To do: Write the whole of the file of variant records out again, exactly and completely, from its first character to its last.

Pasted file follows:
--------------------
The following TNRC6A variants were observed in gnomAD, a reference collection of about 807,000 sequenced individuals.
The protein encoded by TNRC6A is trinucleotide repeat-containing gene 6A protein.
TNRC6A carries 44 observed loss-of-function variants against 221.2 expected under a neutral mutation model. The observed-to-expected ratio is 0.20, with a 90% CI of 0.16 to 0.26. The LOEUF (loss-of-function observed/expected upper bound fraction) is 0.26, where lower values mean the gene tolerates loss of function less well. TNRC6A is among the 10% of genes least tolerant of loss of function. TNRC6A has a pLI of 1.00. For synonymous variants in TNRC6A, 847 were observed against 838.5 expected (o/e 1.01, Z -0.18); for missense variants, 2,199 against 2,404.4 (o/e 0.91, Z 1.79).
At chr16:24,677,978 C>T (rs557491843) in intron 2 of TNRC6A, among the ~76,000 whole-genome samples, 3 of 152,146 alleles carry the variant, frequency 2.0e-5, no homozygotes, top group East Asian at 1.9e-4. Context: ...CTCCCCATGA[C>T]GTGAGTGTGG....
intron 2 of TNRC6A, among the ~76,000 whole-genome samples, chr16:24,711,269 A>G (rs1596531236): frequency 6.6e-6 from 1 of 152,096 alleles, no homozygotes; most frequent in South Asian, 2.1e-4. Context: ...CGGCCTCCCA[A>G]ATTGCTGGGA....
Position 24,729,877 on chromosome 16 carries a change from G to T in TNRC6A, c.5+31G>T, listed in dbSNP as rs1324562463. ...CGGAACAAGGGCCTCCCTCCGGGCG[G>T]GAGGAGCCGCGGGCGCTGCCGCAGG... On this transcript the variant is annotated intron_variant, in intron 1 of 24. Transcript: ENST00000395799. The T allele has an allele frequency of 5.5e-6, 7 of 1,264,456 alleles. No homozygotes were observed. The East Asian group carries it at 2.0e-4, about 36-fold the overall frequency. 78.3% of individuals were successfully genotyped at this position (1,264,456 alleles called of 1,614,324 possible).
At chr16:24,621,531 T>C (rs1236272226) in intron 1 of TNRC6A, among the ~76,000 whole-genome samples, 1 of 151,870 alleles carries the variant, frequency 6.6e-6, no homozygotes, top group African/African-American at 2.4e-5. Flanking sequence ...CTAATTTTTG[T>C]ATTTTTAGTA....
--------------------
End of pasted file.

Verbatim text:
The following TNRC6A variants were observed in gnomAD, a reference collection of about 807,000 sequenced individuals.
The protein encoded by TNRC6A is trinucleotide repeat-containing gene 6A protein.
TNRC6A carries 44 observed loss-of-function variants against 221.2 expected under a neutral mutation model. The observed-to-expected ratio is 0.20, with a 90% CI of 0.16 to 0.26. The LOEUF (loss-of-function observed/expected upper bound fraction) is 0.26, where lower values mean the gene tolerates loss of function less well. TNRC6A is among the 10% of genes least tolerant of loss of function. TNRC6A has a pLI of 1.00. For synonymous variants in TNRC6A, 847 were observed against 838.5 expected (o/e 1.01, Z -0.18); for missense variants, 2,199 against 2,404.4 (o/e 0.91, Z 1.79).
At chr16:24,677,978 C>T (rs557491843) in intron 2 of TNRC6A, among the ~76,000 whole-genome samples, 3 of 152,146 alleles carry the variant, frequency 2.0e-5, no homozygotes, top group East Asian at 1.9e-4. Context: ...CTCCCCATGA[C>T]GTGAGTGTGG....
intron 2 of TNRC6A, among the ~76,000 whole-genome samples, chr16:24,711,269 A>G (rs1596531236): frequency 6.6e-6 from 1 of 152,096 alleles, no homozygotes; most frequent in South Asian, 2.1e-4. Context: ...CGGCCTCCCA[A>G]ATTGCTGGGA....
Position 24,729,877 on chromosome 16 carries a change from G to T in TNRC6A, c.5+31G>T, listed in dbSNP as rs1324562463. ...CGGAACAAGGGCCTCCCTCCGGGCG[G>T]GAGGAGCCGCGGGCGCTGCCGCAGG... On this transcript the variant is annotated intron_variant, in intron 1 of 24. Transcript: ENST00000395799. The T allele has an allele frequency of 5.5e-6, 7 of 1,264,456 alleles. No homozygotes were observed. The East Asian group carries it at 2.0e-4, about 36-fold the overall frequency. 78.3% of individuals were successfully genotyped at this position (1,264,456 alleles called of 1,614,324 possible).
At chr16:24,621,531 T>C (rs1236272226) in intron 1 of TNRC6A, among the ~76,000 whole-genome samples, 1 of 151,870 alleles carries the variant, frequency 6.6e-6, no homozygotes, top group African/African-American at 2.4e-5. Flanking sequence ...CTAATTTTTG[T>C]ATTTTTAGTA....